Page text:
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Stats Emphasize the Importance of Employee Engagement

Updated: Apr 29, 2019

Only 51% of employees are engaged at work according to Gallup’s recent State of the American Workplacereport.  The 2017 Workplace Health Survey revealed that 70% of respondents were either actively looking for new jobs or considering it.  A 2018 Randstad U.S. study showed that 60% of respondents would leave or have left a job because of a bad boss.  The U.S. workforce is ailing and has been for years.  Employee engagement is the level at which employees are committed to and passionate about their jobs so why are the majority of U.S. employees not in love or even in like with their work?


According to Gallup’s report, four employee performance needs should be met to increase an employee’s attachment to the job. These are:

· Basic needs

· Individual needs

· Teamwork needs

· Personal growth needs


Based on the stats above, may we conclude that in most U.S. businesses and for most employees, these needs are not being met according to the employees’ expectations?  Are meeting these needs even worthwhile?  Gallup’s survey suggests “yes”.  Their statistics show that companies in the top quartile for engagement see the following benefits compared to companies in the bottom quartile.  

· 41% lower absenteeism

· 24% lower turnover in high turnover organizations

· 28% less shrinkage

· 70% fewer safety incidents

· 58% fewer patient safety incidents

· 17% higher productivity

· 20% higher sales

· 21% higher profitability


Employers who are cutting corners rather than fully engaging with employees may want to consider that at present, employees are substantially more confident they can find another job than a few years ago.  In 2012 only 19% of Americans believed they could find a quality job compared with 42% of Americans in the first three quarters of 2016.  This suggests that U.S. workers are more confident they will land safely in the arms of another employer if they jump from your ship.  The stats above indicate that lower absenteeism and turnover lead to higher productivity and profitability.  If your workers aren’t engaged, turnover increases and profitability declines.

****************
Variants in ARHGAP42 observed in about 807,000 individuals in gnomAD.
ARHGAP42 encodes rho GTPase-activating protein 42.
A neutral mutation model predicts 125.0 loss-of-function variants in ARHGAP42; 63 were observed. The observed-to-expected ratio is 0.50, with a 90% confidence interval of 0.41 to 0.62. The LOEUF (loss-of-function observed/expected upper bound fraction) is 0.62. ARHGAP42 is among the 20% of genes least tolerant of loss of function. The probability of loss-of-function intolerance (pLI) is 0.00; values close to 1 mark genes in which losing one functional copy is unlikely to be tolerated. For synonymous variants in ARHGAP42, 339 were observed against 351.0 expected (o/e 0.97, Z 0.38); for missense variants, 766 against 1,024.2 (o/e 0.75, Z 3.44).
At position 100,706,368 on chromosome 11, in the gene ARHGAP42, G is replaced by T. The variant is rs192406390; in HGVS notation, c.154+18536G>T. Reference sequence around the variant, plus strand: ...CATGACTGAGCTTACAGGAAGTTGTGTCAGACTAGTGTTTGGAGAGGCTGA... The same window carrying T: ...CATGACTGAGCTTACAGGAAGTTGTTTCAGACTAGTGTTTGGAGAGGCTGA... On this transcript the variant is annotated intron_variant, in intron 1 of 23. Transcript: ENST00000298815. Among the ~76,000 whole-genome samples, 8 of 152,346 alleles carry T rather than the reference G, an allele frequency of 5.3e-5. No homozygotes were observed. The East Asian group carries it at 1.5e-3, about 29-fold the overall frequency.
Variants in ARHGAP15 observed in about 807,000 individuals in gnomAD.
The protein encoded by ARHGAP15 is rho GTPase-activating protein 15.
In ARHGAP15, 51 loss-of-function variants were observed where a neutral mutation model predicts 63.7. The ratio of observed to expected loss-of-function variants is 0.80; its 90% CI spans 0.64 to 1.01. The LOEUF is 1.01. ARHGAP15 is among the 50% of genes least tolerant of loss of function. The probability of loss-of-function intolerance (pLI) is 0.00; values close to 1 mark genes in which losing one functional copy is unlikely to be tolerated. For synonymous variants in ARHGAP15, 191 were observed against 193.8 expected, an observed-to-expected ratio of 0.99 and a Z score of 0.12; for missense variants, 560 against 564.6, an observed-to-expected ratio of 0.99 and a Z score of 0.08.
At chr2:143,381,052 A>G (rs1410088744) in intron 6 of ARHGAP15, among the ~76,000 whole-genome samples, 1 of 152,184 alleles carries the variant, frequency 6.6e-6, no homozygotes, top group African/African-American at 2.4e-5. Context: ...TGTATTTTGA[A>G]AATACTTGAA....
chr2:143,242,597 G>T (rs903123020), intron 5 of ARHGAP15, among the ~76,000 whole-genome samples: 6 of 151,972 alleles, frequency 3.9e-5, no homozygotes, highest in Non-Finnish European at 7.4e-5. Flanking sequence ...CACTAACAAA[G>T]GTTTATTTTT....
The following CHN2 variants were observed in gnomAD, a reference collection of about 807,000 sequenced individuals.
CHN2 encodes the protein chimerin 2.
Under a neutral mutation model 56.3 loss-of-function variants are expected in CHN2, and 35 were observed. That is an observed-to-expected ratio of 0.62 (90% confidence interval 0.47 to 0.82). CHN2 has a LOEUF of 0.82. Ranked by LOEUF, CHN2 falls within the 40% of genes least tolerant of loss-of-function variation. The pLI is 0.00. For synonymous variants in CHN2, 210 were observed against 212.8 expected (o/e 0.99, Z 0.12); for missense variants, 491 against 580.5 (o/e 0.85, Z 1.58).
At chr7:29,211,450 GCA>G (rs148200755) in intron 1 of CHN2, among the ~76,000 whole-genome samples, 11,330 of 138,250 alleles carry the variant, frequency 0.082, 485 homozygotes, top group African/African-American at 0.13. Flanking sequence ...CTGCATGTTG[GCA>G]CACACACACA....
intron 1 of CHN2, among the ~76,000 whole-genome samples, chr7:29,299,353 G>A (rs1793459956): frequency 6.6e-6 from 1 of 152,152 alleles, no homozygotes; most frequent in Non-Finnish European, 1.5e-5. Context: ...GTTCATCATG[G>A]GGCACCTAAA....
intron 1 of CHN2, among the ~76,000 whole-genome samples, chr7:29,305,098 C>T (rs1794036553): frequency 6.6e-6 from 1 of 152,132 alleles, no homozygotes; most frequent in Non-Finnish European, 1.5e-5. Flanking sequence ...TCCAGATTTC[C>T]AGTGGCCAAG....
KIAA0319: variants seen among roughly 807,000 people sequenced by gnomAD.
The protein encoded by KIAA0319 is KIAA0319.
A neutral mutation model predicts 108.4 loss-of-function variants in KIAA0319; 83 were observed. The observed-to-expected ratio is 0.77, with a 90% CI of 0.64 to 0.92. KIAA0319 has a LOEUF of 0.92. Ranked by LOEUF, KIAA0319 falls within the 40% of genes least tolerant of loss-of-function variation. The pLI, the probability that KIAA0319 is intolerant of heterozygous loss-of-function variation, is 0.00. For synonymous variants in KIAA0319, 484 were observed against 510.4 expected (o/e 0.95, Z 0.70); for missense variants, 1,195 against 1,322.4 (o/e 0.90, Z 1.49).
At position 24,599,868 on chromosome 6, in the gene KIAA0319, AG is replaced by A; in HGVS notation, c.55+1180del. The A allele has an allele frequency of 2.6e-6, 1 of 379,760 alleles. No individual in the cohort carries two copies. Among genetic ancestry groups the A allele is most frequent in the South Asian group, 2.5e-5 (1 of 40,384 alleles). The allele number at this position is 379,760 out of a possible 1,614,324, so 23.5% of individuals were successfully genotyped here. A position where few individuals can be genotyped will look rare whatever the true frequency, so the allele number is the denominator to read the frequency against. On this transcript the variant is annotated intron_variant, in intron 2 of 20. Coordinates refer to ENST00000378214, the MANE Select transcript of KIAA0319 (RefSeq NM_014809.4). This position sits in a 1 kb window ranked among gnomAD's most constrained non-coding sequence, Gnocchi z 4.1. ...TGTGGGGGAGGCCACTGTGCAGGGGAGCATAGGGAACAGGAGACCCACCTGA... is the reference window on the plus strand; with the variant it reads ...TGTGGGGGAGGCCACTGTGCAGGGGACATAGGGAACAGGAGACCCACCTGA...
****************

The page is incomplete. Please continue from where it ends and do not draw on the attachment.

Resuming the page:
The Workplace Health Survey revealed, among other issues, that 45% of respondents said they were rarely paid what they deserved, 77% believed that skilled employees were not given proper recognition and 65% felt isolated because of a toxic environment.  Naturally, for both women and men, these slights contribute to disengagement at work.


Interestingly enough, a survey by the British Psychological association of 5,000 American men, showed that work satisfaction was the number one thing that mattered most in men’s lives; even more so than good health or good relationships with family/friends.


The importance of engaging with employees and ensuring they are satisfied with their jobs could not be clearer.  Companies need to learn not only how to better engage with employees but ask why they are not already doing so.  The answer may be hard to face but won’t be hard to find.  Employers need only to look in the mirror.


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